A modification of the optical deformation sensors illustrated in FIGS. 1-4 is shown in FIG. 5 of the drawings. The embodiment shown in FIG. 5 represents a rugged and compact, phase modulated optical sensor which is characterized by a reduced dependency upon the changes in the relative intensities of output light signals that are sensed by an optical detector to indicate a deformation. That is, in the event that a deformation causes transmitted incident light signals to be coupled from an active to a passive optical fiber (as previously disclosed) and then coupled back to the active fiber at successive locations along the lengths of the fibers, the relative intensities of the output light signals may not provide a totally reliable indication of the deformation to be sensed. Therefore, in certain applications, a deformation sensor that is responsive to both the intensities and the phase of the detected output light signals is advantageously desirable.

More particularly, the deformation sensor of FIG. 5 includes at least one pair of flexible fiber optic cores 14 and 15 (that may be surrounded by a common cladding material, similar to that described when referring to FIG. 2). Fiber cores 14 and 15 may be either affixed to the surface or embedded within the interior of a region to be monitored for a deformation. To increase sensitivity, fiber cores 14 and 15 are typically arranged in relatively close proximity to one another and include generally curved segments. In the present embodiment of FIG. 5, each of the fiber cores 14 and 15 can be regarded as an active optical fiber. Suitable light sources 16 and 17 are interfaced with the respective first ends of optical fibers 14 and 15. As described in the embodiments above, the light sources 16 and 17 may be well known light emitting diodes that supply incident light signals to the first ends of fibers 14 and 15. The second ends of each of the optical fibers 14 and 15 are interfaced with respective conventional optical detectors 18 and 19, which detectors are adapted to measure both the amplitude and the phase of the output light signals transmitted thereto.

In operation, incident light signals are transmitted from sources 16 and 17, via optical fibers 14 and 15, to respective optical detectors 18 and 19. In the event that a deformation occurs in the monitored region, the transmitted incident light signals are split at the location of the deformation, and, due to the resulting bending losses, optical energy is coupled (i.e. transferred) between the fibers 14 and 15. By way of example, should optical fibers 14 and 15 experience similar bending losses, whereby the amount of light energy coupled from fiber 14 to fiber 15 approximates that coupled from fiber 15 to fiber 14, there will be little net change in the relative intensities of the output light signals measured by optical detectors 18 and 19. A deformation sensor of increased reliability is obtained by selecting light sources 16 and 17 which provide (e.g. sinusoidal) incident light signals that are out of phase with one another, for example, by 90°.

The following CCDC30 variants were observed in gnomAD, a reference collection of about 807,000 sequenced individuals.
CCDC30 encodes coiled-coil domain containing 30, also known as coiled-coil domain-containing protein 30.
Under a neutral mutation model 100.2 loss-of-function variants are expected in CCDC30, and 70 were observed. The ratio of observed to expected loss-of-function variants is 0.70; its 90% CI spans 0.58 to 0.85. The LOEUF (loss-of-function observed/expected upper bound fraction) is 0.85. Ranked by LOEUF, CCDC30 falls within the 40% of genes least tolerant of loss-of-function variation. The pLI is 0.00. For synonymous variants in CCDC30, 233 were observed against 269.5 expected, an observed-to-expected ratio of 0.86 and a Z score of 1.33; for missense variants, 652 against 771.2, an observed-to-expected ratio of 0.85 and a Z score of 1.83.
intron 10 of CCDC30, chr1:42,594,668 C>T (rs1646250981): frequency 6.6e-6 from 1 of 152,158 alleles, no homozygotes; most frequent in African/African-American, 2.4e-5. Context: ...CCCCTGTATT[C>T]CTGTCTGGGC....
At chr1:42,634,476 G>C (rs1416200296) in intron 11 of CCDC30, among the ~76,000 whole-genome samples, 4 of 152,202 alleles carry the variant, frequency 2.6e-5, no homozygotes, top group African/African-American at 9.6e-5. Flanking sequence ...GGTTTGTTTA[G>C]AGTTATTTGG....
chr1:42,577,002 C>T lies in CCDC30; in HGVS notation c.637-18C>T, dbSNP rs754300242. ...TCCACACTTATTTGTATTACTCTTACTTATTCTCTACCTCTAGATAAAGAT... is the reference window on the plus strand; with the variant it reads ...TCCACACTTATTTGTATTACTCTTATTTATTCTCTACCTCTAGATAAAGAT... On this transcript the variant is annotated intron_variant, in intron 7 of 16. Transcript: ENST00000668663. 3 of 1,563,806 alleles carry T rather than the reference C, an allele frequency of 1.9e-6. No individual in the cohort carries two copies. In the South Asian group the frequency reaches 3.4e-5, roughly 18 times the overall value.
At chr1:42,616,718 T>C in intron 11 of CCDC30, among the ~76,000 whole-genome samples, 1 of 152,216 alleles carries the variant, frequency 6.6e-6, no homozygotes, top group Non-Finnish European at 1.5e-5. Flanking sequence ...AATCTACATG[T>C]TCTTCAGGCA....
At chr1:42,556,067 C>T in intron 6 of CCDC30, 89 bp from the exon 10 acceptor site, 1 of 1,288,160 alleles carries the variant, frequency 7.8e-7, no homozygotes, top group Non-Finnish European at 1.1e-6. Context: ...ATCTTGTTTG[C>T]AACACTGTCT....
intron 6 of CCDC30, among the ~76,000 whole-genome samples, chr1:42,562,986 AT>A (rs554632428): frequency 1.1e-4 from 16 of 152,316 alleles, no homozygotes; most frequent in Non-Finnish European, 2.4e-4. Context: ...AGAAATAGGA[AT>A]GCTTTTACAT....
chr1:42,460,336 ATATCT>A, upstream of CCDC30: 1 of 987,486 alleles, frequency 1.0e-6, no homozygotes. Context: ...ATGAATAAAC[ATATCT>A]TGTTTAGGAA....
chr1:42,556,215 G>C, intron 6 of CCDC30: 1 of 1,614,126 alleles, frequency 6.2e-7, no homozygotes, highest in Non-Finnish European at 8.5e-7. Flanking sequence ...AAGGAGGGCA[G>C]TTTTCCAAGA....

Referring concurrently to FIGS. 5-9 of the drawings, FIG. 6 represents the corresponding waveforms of the incident light signals that are supplied to respective optical fibers 14 and 15 from light sources 16 and 17. For the convenience of illustration, the waveforms of the two incident light signals have similar maximum amplitudes, designated A1 (but are out of phase from one another by +90°). During the time prior to the occurrence of a deformation to a monitored region when little optical cross-coupling results, the waveforms (i.e. the relative intensity and phase) of the output light signals detected by optical detectors 18 and 19 and represented by FIG. 7 of the drawings are substantially identical to those of the incident light signals (represented by FIG. 6). Therefore, prior to a deformation, the output light signals received by detectors 18 and 19 have a maximum amplitude A1 and remain out of phase with one another by +90°.

However, in the event of the occurrence of a deformation, increased bending of optical fibers 14 and 15 results in a shift in phase and an attenuation of the output light signals received by optical detectors 18 and 19 relative to the incident light signals (of FIG. 6) supplied by light sources 16 and 17. FIG. 8 of the drawings represents the corresponding waveforms of the output light signals that are detected when approximately 50% of the incident light signal transmitted by optical fiber 14 is coupled to optical fiber 15, and vice versa. In the present example of FIG. 8, each of the output light signals are attenuated to a maximum amplitude designated A2, and the phases thereof are shifted by 90° relative to one another, so that phase difference between the output light signals is reduced to approximately 0° (i.e. the waveforms of the output light signals are essentially in phase with one another.)

With the continued passage of time, optical fibers 14 and 15 may experience increased bending and corresponding bending losses. Accordingly, the waveforms of the output light signals received by optical detectors 18 and 19 are further shifted in phase and attenuated relative to the waveforms of the incident light signals (of FIG. 6) that are supplied by light sources 16 and 17. FIG. 9 of the drawings represents the corresponding waveforms of the output light signals that are detected when approximately 100% of the incident light signal transmitted by optical fiber 14 is coupled to optical fiber 15, and vice versa. In the present example of FIG. 9, the intensities of each of the output light signals are attenuated to a maximum amplitude designated A3, and the phases thereof are shifted by an additional 90° (from that of FIG. 8) relative to one another, so that the difference in phase between the output light signals is -90°.